July 18, 1938

( 6 documents, 4 translations )

Page 1
English
German

N.Y. July 18, 1938

Dear Puppiken, I am sitting on my bed in my pajamas, and still, sweat is running down my body. You are lucky not to have to endure this yet. I hardly dare move. And yet, people are saying that the worst is yet to come in August. Well, I am not looking forward to that. On Friday, Miss Tadakuma landed. I was not able to go to the ship because I had to work. She told me how you are doing, and I am glad to hear that you are well. She was very impressed with your good progress in English! Yesterday, I took her to visit with Leibholz where we spent Sunday afternoon. Of course, she is very lonely in the big city where she doesn’t know anyone. Unfortunately, I can’t take care of her because I am too busy with work.

Page 2
English
German

But only regarding time; otherwise, I don’t need to exert myself. I could go [to work] without my head on! I am enclosing a letter that Lise wrote to you. I did not contradict her in any way, because Germans who have been here for over a year already, don’t like to be contradicted, because they are real Americans now and know every detail of everything. I am not in favor of having items sent by [our/your?] parents later because I worry that we will have to pay import duties here. By the way, this has become stricter recently. But your possessions all have your name on them. That’s a good idea. Not too long ago, it would not have been so important. And I agree with Lise that we shouldn’t have too many warm things. Leave the down comforters there. I also don’t think we will need wool undergarments here. Go ahead and bring [our/some] flannel pajamas.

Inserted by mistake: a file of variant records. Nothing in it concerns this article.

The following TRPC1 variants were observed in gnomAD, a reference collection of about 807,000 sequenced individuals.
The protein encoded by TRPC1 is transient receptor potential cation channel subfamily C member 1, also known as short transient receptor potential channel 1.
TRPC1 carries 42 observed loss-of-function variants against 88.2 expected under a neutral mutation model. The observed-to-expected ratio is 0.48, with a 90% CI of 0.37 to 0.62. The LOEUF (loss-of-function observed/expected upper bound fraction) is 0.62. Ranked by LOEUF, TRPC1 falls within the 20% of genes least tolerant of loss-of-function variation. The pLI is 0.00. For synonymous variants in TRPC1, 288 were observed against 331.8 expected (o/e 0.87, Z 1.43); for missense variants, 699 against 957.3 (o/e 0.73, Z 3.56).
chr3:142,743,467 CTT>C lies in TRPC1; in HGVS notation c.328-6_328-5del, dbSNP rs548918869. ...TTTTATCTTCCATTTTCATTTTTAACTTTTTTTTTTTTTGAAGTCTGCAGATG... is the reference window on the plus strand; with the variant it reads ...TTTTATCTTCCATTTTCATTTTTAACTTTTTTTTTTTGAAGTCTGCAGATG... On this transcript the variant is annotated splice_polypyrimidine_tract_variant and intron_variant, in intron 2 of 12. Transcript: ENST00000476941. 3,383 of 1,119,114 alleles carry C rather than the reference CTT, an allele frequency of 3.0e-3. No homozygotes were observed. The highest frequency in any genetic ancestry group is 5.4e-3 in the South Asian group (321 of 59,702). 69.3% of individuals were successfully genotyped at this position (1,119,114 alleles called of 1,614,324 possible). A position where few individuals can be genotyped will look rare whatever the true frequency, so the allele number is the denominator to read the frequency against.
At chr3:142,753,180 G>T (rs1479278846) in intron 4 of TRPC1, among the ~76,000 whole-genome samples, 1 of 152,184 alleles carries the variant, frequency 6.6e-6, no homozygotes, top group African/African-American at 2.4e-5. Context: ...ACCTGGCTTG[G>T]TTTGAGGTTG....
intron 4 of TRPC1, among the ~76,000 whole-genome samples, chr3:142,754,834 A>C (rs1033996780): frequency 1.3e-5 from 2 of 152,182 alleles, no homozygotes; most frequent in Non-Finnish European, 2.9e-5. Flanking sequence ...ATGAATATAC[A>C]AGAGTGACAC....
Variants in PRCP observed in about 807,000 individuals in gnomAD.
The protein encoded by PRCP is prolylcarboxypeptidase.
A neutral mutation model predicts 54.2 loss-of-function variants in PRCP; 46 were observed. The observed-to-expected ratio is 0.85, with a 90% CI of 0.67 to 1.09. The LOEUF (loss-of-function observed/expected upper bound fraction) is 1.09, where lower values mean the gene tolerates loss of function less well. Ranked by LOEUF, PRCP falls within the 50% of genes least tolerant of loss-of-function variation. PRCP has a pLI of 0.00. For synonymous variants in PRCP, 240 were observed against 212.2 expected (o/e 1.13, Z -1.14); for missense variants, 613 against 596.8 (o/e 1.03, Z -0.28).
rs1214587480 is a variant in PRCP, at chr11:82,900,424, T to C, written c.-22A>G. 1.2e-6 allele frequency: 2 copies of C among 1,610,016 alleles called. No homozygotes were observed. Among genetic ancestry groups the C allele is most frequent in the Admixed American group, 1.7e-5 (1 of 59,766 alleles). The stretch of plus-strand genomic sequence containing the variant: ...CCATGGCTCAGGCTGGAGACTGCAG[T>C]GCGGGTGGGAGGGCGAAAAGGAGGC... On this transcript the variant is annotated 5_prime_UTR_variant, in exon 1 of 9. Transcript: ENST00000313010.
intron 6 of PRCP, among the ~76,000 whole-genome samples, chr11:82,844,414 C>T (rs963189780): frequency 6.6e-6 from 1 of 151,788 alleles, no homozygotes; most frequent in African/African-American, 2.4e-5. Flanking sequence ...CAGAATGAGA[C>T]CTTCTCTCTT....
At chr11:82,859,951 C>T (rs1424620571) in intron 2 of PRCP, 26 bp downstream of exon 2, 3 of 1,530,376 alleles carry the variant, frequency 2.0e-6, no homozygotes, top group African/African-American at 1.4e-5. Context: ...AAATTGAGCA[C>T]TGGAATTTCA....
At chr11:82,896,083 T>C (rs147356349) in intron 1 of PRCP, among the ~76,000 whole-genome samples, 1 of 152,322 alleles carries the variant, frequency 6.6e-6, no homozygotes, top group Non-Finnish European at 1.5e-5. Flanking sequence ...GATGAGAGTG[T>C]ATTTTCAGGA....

Page 3
English
German

If we have wool blankets for the winter, that is sufficient, because all places have steam heat. We have to make sure that we cut down on items that aren’t constantly used, because space is very rare and expensive. What you can’t fit in your suitcases, you should pack into a box, but don’t nail it shut, but rather have one made with a lock, like the one Franken had, who, by the way, hasn’t been in touch yet! I have since written to him. Leave your pillows as they are. Leibles have money. 1 dollar is not much for them. For us, it is a lot. That’s why what Lise writes about cheap prices is nonsense. Have you asked around regarding a fur coat? Quality winter coats are very expensive here. Buy a very good one for yourself, whether a fur or wool coat. Like Lise wrote, a quality wool coat with fur lining would be nice. I like those best. I think Mrs. Weill had one. But buy something you like!

Page 4
English
German

Write a few lines to Lise. She is counting on that because she is a Kowetschante*! I hope that you are well otherwise. How is your cooking coming along? I already wrote to you that you shouldn’t work too hard on all of those things. Today, I am thinking of your birthday and wondering if I will also do so at the right time? Well, you know me!! Why don’t you call Einschlags and send them my regards, tell them that I thank them for their last card and that I will write when the weather cools off! That reminds me that I forgot to thank [you?] for all of those nice things that J.(?) brought. I would like to do so now. Where is the good sausage from?

And I will close for now. Much love and kisses from your Fritz.

I am sure you are wondering why your affidavit hasn’t arrived yet. Everyone who is involved in has been delaying things. But I certainly hope to be able to mail it 2-3 days from now. Much love to everyone.

[Vertical text on left side]:

[Cannot make sense of first question.] I am enclosing a letter for Gartenberg because I assume that he has left by now. As soon as you find out his address [cut off]

*I am not familiar with this term and could not find it anywhere, but my guess is that it is related to the Yiddish word "kvetch", which is "quatschen" in German, so this could mean a "gossip".